Bob Randquist, CGCS – Boca Rio Golf Club, Boca Raton, Fla.
Bob Randquist has seen big changes in golf course management in his nearly 50 years of working on golf courses. Right at the top – or at least near the top – is bunker management. The big influencer, he says, is changing golfer perceptions. No longer is it acceptable to have bunkers play as a hazard. Now, the expectation is that bunker conditions should rival those found on other structures. It is a key focus in Randquist’s seminar: “Hazardous Duty: Basic Bunker Maintenance.”
“I track my labor hours,” Randquist says. “It used to be I spent 10 percent on bunkers. Today that number is 22 to 24 percent. The golfers see what the pros get week in and week out on television, and they want it, even though it is not realistic.”
Randquist has taught the half-day seminar for more than 10 years and draws upon his own experience at public and private courses, as the host of professional events and the input of his peers around the country. They talk about such issues as the quality of sand, drainage, liners and access. But the most popular feature is a role-playing exercise where he has attendees divide themselves into green committees and elect a chair.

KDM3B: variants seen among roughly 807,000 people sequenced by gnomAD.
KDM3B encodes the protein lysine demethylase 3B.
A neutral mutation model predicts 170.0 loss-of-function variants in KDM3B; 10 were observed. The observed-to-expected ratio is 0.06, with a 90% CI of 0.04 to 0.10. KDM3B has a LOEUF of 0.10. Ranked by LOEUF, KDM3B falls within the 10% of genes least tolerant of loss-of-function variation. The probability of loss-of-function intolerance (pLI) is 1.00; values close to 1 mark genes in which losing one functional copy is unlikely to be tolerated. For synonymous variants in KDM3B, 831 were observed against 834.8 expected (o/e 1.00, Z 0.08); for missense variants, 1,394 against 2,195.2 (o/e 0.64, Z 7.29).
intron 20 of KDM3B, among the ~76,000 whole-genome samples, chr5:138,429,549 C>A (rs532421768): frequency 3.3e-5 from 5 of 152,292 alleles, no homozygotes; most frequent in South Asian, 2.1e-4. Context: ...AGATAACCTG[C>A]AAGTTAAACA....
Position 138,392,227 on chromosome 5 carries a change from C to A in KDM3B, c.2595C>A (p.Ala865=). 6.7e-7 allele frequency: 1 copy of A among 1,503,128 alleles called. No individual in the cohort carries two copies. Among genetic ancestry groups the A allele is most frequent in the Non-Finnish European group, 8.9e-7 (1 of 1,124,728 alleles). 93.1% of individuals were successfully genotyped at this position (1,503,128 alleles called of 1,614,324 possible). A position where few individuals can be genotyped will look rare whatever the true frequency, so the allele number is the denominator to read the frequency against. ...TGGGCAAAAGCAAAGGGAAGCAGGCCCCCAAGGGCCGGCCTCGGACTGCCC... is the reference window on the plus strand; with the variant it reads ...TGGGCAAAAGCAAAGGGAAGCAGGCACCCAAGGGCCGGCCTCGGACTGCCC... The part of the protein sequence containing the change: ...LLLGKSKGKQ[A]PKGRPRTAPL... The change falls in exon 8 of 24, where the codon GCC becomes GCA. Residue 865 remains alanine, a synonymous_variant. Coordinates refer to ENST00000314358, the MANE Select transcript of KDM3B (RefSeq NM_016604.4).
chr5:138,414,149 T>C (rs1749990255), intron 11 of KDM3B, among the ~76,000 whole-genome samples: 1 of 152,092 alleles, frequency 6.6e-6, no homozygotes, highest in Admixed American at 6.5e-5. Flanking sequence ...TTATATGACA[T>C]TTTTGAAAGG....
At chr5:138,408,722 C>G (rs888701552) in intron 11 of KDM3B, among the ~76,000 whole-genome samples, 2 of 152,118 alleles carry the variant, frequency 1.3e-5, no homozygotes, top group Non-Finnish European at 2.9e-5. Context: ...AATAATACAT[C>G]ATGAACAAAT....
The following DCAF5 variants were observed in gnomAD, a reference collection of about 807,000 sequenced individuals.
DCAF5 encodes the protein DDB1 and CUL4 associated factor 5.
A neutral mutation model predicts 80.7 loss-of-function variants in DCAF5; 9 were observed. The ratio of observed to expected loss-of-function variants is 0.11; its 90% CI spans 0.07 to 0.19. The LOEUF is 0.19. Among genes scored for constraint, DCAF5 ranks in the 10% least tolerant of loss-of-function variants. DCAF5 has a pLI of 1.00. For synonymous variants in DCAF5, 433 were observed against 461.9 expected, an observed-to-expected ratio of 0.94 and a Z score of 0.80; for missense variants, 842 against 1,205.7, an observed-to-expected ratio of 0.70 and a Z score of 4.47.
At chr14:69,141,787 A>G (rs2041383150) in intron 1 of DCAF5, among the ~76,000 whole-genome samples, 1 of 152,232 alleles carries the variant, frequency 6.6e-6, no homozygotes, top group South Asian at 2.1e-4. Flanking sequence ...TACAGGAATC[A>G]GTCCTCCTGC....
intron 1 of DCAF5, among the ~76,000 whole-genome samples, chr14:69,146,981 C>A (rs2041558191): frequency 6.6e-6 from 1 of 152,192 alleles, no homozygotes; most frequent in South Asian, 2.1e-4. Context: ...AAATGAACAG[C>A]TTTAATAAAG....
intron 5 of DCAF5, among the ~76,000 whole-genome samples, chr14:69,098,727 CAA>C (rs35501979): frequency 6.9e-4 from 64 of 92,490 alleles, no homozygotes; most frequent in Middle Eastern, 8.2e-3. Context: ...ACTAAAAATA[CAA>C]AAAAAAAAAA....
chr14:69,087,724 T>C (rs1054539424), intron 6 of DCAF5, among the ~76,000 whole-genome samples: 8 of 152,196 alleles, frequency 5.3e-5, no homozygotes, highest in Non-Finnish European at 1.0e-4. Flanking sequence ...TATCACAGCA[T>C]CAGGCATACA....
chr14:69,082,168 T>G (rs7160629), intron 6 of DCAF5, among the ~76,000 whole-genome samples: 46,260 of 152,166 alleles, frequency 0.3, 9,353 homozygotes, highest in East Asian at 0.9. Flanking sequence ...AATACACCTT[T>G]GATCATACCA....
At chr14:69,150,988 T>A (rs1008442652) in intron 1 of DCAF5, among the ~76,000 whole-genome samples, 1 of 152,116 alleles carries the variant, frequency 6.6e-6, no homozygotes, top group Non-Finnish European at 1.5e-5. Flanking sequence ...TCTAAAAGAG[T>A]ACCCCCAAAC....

“We do some role-playing and I’ll facilitate the conversation with questions that need to be discussed,” Randquist said. “What I am trying to get them to do is communicate and come to a consensus. That is really what superintendents want. They want clear direction on the expectations. Superintendents need to be good communicators as well as to the implications of high expectations.”
Beth Guertal, Ph.D., Auburn University
Auburn University’s Beth Guertal loves teaching superintendents because she is learning with them.
“I probably get more out of the sessions than they do,” Guertal chuckles. “I think a lot of us (teachers) feel that way. We’ll get a question for which there is no answer, so we go back and begin a research project to find the answer.”
Guertal will teach three different classes: a long-standing favorite on fertilizer development and technology, a soil fertility seminar for the second year and a panel moderator on research. Like Bigelow and Richardson, she sees a different student at the Golf Industry Show than in her university position. She says there is less inhibition when it comes to asking questions or having discussions, unlike those in college who Guertal says are reticent to engage in discussion.
An instructor at GIS since 2001, she says the basics of her classes don’t necessarily change, but the content is influenced by the presence of new products and a greater examination of the environmental impact. She also believes she teaches with less emphasis on theory and more on problem-solving.
“These people are on the front lines,” Guertal says. “They are going back to their courses and either have or will soon have challenges to meet. I take the approach that I want them going home with something they can use immediately. I want it to be directly applicable to their work.”
Read more: Guide to the Golf Industry Show 2017